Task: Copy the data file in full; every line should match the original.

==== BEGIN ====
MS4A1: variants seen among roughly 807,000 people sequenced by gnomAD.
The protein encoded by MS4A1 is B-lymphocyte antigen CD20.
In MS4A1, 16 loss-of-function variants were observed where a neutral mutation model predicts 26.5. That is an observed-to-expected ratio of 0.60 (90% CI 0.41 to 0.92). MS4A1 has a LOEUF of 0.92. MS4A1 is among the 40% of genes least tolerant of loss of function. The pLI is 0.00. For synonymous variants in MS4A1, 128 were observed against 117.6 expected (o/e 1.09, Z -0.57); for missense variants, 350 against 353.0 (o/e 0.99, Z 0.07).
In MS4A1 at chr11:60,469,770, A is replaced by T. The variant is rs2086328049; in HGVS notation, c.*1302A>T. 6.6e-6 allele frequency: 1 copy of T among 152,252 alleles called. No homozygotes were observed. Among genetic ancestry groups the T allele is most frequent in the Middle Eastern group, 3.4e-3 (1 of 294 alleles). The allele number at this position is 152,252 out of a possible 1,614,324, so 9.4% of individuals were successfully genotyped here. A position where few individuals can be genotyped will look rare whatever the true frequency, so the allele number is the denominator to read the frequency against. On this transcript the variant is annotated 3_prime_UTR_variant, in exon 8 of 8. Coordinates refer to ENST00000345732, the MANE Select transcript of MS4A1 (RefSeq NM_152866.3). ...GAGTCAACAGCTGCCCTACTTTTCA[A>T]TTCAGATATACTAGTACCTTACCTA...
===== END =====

MS4A1: variants seen among roughly 807,000 people sequenced by gnomAD.
The protein encoded by MS4A1 is B-lymphocyte antigen CD20.
In MS4A1, 16 loss-of-function variants were observed where a neutral mutation model predicts 26.5. That is an observed-to-expected ratio of 0.60 (90% CI 0.41 to 0.92). MS4A1 has a LOEUF of 0.92. MS4A1 is among the 40% of genes least tolerant of loss of function. The pLI is 0.00. For synonymous variants in MS4A1, 128 were observed against 117.6 expected (o/e 1.09, Z -0.57); for missense variants, 350 against 353.0 (o/e 0.99, Z 0.07).
In MS4A1 at chr11:60,469,770, A is replaced by T. The variant is rs2086328049; in HGVS notation, c.*1302A>T. 6.6e-6 allele frequency: 1 copy of T among 152,252 alleles called. No homozygotes were observed. Among genetic ancestry groups the T allele is most frequent in the Middle Eastern group, 3.4e-3 (1 of 294 alleles). The allele number at this position is 152,252 out of a possible 1,614,324, so 9.4% of individuals were successfully genotyped here. A position where few individuals can be genotyped will look rare whatever the true frequency, so the allele number is the denominator to read the frequency against. On this transcript the variant is annotated 3_prime_UTR_variant, in exon 8 of 8. Coordinates refer to ENST00000345732, the MANE Select transcript of MS4A1 (RefSeq NM_152866.3). ...GAGTCAACAGCTGCCCTACTTTTCA[A>T]TTCAGATATACTAGTACCTTACCTA...